Anyone who's tried to learn a second language knows that the earlier in life you start, the easier it is to learn. Now, a scientist at the State University of New York Downstate Medical Center (SUNY) has not only discovered why learning becomes much harder after puberty, but also how to fix it. The SUNY team found that learning difficulty resulted from the proliferation of special chemical receptors during adolescence, and that the stress steroid THP could reverse the problem.
Sheryl Smith, the lead SUNY researcher, first discovered the learning impairment receptors in 2007, but only recently did she link the spread of the receptors during puberty to increased difficulty learning. Smith tested mice on a rotating walkway containing an electrified section of track. Young mice and older mice learned to avoid the electric shock after only one pass. The pubescent mice, however, failed to learn even after multiple passes, shocking themselves again and again.
Later, Smith began providing the mice with THP, a hormone that lowers stress in young and adult mice, but actually increases stress in teenage mice. Surprisingly, the increased stress counteracted the learning disability, allowing the adolescent mice to learn to avoid electrocution much faster.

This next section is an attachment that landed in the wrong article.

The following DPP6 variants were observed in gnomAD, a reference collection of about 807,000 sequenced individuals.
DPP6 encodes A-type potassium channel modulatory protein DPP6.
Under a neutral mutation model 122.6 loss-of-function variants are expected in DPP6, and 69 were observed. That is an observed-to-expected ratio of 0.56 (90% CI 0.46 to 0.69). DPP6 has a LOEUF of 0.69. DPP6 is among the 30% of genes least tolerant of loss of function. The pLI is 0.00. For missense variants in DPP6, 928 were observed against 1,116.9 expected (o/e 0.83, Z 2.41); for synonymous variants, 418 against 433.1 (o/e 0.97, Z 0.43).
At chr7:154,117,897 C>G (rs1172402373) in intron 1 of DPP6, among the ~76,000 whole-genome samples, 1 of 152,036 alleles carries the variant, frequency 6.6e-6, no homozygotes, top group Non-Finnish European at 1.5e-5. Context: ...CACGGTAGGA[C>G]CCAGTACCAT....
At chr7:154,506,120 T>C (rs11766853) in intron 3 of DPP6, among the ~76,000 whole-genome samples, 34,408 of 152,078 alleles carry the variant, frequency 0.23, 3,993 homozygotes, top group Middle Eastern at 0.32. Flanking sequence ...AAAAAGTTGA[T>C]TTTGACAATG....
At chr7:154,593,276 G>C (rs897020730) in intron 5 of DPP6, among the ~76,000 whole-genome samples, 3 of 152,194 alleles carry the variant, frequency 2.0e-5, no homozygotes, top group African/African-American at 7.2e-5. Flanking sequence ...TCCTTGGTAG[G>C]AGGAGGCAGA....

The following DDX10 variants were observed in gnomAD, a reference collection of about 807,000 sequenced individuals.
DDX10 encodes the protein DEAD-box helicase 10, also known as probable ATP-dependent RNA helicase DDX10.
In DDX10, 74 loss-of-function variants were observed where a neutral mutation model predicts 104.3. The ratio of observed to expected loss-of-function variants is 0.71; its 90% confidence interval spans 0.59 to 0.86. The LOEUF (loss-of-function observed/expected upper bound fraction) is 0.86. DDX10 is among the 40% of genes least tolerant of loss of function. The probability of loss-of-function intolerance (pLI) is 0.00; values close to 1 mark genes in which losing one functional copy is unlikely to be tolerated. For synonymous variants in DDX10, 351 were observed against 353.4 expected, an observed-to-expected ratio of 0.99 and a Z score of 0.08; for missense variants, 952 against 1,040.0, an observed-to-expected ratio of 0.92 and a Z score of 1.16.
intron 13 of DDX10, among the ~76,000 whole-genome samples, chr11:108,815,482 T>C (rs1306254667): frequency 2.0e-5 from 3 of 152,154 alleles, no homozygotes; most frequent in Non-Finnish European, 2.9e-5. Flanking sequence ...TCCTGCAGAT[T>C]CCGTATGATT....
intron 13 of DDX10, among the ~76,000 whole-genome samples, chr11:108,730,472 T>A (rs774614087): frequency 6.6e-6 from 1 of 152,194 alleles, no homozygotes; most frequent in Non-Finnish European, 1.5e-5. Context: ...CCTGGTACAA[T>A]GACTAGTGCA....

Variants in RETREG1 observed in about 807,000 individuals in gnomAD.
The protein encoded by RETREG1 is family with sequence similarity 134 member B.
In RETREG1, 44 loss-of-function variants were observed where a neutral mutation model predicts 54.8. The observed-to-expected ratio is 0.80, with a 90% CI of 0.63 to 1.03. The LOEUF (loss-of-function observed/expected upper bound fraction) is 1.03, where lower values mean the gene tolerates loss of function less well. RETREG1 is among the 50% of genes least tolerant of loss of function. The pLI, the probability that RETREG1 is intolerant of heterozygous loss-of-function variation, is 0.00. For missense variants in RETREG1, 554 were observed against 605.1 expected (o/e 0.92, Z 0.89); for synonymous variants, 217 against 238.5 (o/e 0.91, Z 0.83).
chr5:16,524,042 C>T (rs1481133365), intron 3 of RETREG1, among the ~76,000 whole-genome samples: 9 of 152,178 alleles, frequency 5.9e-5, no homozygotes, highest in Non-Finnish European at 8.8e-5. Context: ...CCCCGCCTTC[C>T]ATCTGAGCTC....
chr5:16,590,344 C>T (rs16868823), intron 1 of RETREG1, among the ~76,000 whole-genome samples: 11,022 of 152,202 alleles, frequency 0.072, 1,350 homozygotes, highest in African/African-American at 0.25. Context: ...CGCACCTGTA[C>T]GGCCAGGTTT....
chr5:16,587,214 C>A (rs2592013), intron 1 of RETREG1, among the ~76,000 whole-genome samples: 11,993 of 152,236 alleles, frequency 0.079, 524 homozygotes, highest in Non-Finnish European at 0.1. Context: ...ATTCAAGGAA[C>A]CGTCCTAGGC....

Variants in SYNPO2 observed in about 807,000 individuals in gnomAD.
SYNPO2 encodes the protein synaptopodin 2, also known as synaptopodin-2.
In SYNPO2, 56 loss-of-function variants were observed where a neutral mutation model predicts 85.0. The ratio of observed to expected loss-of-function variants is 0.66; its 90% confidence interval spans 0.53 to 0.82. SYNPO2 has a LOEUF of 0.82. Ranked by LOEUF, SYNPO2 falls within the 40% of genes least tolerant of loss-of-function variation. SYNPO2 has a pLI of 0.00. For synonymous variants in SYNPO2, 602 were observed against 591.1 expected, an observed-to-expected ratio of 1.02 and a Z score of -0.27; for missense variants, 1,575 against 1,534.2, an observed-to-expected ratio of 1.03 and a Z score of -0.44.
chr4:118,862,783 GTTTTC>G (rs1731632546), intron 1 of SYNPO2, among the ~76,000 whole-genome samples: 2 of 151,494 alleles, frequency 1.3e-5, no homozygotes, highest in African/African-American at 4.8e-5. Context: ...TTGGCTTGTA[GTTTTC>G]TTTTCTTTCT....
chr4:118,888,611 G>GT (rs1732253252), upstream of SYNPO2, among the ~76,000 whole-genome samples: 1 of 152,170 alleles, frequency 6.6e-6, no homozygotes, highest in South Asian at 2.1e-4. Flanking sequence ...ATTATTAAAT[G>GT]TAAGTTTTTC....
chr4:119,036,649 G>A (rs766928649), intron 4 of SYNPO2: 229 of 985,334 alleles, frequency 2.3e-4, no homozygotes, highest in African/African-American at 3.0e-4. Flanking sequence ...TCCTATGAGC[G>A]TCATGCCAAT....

This research holds significant promise for human teenagers with learning disabilities, but even Smith cautioned that it will be some time before this research can be applied to humans. Of course, considering how stressful high school life can be already, I'm not sure any teens would volunteer.
Five amazing, clean technologies that will set us free, in this month's energy-focused issue. Also: how to build a better bomb detector, the robotic toys that are raising your children, a human catapult, the world's smallest arcade, and much more.